Immigration: We followed up on our repeated request that Sen. Feinstein visit the southern border and immigration detention facilities throughout the state — she says she wants to, but still has not — and we asked her to prioritize getting more funding in place for Special Immigrant Visas (SIVs) for Afghan allies. There is a current backlog of 16,700 SIV-eligible individuals, including family members, and 4,400 applications are currently pending. In FY 2018, only 1,649 visas were issued, down from 4,120 in FY 2017.

Public banking: We asked the Senator to support public banking in California. Jim said it was an area that he hadn’t had many discussions with her about, but that he knew she supported local, accessible banking options like credit unions. He also expressed skepticism that public banking was the solution to the cannabis industry’s banking problems.

Census: We were glad to hear that Sen. Feinstein and her office have been very much on top of getting ready to make sure her constituents are all counted in the census. Caitlin told us that the office has been in touch with the Alameda County Complete Count Committee. We have a lot of hard to count populations here in the East Bay, such as immigrants and unhoused people.

And more: We also asked the Senator to:

  • work to fund desperately needed food stamps in Puerto Rico — she finally did the right thing on this after pressure from Sen. Schumer
  • cosponsor the EACH Woman Act (reproductive rights)
  • cosponsor The American Family Act (child allowance)—she hasn’t yet
  • hold a Town Hall—she seems as unlikely as ever to do so.

 

December 2018 meeting with Feinstein staff

On December 10, 2018, Indivisible East Bay had our first meeting with Senator Feinstein’s new interim state director Peter Muller. We met field representative Abby Ellis in the senator’s San Francisco office and Peter, who is based in Los Angeles, joined us by phone.

While climate change is always a high priority for IEB and usually makes our meeting agendas in some form, it’s rarely at the very top of our memo — mainly because that space is generally filled by a reaction to the latest crisis coming out of the White House. So it was a promising sign of the power shift in DC that we started with a discussion of the Green New Deal (GND). Peter said that while Sen. Feinstein isn’t yet familiar with the details of the Green New Deal proposal, as far as he could tell she’s generally supportive of the program and would invest more time in learning about it once it’s a bit further advanced in the House.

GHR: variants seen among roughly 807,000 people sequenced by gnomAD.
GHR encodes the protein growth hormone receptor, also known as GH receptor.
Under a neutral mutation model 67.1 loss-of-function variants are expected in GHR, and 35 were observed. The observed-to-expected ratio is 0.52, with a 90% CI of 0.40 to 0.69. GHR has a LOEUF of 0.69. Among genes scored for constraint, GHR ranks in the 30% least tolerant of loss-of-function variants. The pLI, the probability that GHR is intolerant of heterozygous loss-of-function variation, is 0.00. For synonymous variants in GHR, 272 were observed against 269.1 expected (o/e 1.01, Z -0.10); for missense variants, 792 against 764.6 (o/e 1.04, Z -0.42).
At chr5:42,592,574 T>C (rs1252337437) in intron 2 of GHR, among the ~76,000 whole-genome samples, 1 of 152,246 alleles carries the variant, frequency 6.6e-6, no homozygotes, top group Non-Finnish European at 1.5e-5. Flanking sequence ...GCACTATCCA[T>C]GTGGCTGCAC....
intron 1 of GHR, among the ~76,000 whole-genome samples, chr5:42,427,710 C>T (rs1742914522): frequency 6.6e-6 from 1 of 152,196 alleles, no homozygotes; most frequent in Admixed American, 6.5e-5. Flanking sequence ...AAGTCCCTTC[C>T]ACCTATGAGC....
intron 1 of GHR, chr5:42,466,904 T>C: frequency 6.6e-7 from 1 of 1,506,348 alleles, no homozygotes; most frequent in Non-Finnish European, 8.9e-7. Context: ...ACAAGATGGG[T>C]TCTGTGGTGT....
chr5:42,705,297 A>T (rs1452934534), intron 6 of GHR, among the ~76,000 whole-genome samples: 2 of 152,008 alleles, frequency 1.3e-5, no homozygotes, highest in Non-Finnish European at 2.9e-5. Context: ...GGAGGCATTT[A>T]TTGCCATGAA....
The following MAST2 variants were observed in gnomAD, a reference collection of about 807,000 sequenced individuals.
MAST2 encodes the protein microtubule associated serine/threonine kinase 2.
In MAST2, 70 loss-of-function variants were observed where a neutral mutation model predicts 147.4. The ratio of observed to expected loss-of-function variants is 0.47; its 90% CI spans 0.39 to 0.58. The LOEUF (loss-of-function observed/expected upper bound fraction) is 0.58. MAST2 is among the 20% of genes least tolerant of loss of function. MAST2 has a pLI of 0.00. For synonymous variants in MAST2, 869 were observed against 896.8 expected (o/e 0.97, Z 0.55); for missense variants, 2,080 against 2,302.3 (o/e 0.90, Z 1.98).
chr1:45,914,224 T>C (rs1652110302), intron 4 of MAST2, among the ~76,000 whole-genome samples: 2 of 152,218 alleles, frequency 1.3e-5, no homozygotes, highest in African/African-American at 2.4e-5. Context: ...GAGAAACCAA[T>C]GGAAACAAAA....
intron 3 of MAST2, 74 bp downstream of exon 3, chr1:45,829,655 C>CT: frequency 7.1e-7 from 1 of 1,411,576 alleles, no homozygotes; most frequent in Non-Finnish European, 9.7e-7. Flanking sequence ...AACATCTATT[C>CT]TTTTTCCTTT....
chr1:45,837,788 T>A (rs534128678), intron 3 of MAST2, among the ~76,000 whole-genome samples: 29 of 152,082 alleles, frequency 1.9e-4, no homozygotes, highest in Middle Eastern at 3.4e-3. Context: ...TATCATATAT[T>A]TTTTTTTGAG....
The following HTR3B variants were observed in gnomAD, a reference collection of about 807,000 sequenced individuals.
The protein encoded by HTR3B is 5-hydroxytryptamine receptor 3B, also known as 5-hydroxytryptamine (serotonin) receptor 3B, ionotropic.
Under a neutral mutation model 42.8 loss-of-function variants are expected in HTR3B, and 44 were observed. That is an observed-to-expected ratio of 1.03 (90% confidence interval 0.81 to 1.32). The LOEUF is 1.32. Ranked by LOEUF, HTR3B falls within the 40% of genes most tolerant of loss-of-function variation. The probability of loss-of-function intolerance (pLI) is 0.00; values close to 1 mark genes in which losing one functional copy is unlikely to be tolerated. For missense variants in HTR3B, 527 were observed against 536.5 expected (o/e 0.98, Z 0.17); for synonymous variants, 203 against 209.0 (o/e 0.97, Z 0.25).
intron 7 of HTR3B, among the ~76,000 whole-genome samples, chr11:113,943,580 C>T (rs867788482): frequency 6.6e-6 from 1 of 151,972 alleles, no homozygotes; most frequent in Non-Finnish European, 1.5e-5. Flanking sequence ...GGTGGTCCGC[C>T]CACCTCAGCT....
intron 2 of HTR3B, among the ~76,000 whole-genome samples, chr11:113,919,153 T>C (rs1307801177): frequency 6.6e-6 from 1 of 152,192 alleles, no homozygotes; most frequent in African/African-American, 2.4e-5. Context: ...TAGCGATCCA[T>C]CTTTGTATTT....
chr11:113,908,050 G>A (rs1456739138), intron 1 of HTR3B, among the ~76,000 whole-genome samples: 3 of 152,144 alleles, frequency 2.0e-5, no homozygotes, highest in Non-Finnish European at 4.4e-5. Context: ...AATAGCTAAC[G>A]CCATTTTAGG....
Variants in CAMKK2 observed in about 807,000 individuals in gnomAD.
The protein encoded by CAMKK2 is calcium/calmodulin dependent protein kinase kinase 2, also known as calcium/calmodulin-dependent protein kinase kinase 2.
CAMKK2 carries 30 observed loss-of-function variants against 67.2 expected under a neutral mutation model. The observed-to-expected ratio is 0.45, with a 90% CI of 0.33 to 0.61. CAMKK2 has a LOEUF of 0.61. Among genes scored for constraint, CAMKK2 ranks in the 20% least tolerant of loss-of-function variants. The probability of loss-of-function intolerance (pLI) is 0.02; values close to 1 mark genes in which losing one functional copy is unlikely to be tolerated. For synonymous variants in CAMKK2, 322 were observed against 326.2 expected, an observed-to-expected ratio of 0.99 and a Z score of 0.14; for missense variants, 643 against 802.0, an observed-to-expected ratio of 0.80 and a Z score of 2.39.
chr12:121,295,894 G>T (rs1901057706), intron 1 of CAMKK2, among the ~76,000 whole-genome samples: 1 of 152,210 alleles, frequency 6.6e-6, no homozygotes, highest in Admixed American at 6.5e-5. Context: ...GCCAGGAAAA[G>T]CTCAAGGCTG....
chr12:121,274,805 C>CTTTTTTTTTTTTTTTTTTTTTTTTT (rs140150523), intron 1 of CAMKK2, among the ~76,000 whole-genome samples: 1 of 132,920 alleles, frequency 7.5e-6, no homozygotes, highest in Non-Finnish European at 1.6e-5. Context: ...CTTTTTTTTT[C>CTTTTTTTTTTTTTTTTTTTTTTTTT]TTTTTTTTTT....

We brought up the plan Feinstein supports to extend certain controversial provisions in the WIIN Act, a water bill which, among other things, diverts water south of the Delta. We shared our concerns that the extension of those provisions could result in harm the Delta ecosystem, but Peter said that Sen. Feinstein’s office has examined the matter carefully and doesn’t believe the provisions have been harmful so far or will become so if extended.

We also talked about asylum seekers at the California-Mexico border and those being detained (along with other immigrants) throughout the state. Sen. Feinstein still wants to visit the detention facilities herself, but doesn’t yet have plans to do so. Meanwhile, her staff has visited every facility in California in which immigrants are detained, as well as some in Texas. But it’s been hard to perform oversight, because the facilities know they are coming and are able to prepare. Sen. Feinstein continues to work on getting legislation ready to pass at the earliest opportunity. (First we need to elect more Democrats.) We asked her to prioritize addressing the seemingly unnecessary “metering” at ports of entry that is causing a humanitarian crisis in which asylum seekers are forced to choose between waiting in overflowing shelters in Mexico — with complete uncertainty about having their claims heard — or attempting dangerous, illegal crossings and turning themselves in at understaffed remote outposts. And meanwhile we asked her to look at ways she could collaborate with the House concerning funding for immigration enforcement, particularly with respect to making sure the executive branch spends the money in the way Congress intended.

We discussed delays in funding transit projects — Sen. Feinstein does her best to advocate for projects in California but doesn’t have much influence otherwise; Attorney General nominee William Barr — she shares our concerns about his civil rights record and biases; judiciary appointments — Republicans are happy with how this is going. so we are likely to see more of the same; and homelessness — she has a bill ready and is looking for a Republican co-sponsor.